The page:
I hope you don't mind my posting this to [hidden email]. I'm
hoping to hook more people into electronics and I suspect posting like
this would help.
Arnaud Lacour wrote:
> kohsuke, I must admit I am not an electronics guru at all but I can't
> understand how you manage to gradually change the color of the LED when
> the PIC pins only output 0 or 1 ... that completely baffles me. would
> you mind shedding some light on this ?
This is a technique called pulse-width modulation .
The basic idea is simple. If you turn LED on and off fast enough, it
will look like partially lit to human eyes. Let's say, your on/off cycle
(AKA "duty cycle") is 100Hz --- so one cycle is 10ms. (That UBW runs in
20MHz or so, so 10ms is about 10000 clock cylces. You can very easily do
If your LED is on 1ms and off 9ms, it will look fairly dim, but not
completely off. If it's on 2ms and off 8ms, it will look little more
bright. Now you get the idea. In my orb, I split the duty cycle in 256.
Note that human eyes generally react to logarithmic scale of luminosity,
and AFAIK the way LEDs work often also make the luminosity curb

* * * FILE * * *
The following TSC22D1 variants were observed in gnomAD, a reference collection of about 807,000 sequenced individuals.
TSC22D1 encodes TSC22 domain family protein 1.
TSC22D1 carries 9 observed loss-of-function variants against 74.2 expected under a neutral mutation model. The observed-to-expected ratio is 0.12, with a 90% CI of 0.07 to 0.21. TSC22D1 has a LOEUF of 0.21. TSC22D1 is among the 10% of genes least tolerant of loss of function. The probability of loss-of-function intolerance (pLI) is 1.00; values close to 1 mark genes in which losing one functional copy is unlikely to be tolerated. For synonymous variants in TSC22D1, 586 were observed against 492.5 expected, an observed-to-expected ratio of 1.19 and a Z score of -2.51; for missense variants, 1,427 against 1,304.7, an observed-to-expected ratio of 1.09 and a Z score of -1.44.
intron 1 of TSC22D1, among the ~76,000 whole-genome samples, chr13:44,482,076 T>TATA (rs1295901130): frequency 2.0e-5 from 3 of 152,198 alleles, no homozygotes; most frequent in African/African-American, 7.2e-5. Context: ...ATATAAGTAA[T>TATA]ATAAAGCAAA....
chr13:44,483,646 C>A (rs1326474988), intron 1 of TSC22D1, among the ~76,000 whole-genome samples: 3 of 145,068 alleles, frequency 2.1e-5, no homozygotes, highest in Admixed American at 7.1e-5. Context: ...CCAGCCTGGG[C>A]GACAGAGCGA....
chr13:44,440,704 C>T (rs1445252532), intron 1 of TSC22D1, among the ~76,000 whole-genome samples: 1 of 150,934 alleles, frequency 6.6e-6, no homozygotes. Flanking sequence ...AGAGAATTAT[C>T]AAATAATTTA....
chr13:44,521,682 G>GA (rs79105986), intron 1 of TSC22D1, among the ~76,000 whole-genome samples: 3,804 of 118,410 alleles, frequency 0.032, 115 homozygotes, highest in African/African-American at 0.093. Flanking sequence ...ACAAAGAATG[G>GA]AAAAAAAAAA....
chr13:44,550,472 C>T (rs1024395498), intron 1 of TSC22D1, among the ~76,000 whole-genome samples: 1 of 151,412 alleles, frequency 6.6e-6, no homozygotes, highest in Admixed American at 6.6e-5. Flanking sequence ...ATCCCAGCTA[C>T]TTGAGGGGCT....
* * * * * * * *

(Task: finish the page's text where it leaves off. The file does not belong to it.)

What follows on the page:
non-linear, so when you look at the LED, you don't really see a smooth
gradient in this scheme (IOW, going from 1/256->2/256 you see
significant difference, but not with 254/256->255/256)
With the way Hudson uses orb, this is not a problem, but in other
applications you'd have to design things to accommodate this.
> I can't get your agent working on my ubw so I'm painfully debugging
> stuff with some liberty basic programs I wrote and I'll move on to java
> when I'm confident with the rest. I already shorted the UBW twice on my
> breadboard and feared I had fried the chip but that little thing is
> quite fool proof.
Yes. It's better to build it piece by piece. And yes, UBW seems to be
fairly fool proof with all kinds of protection circuits built-in. You
can find more about that in the datasheet.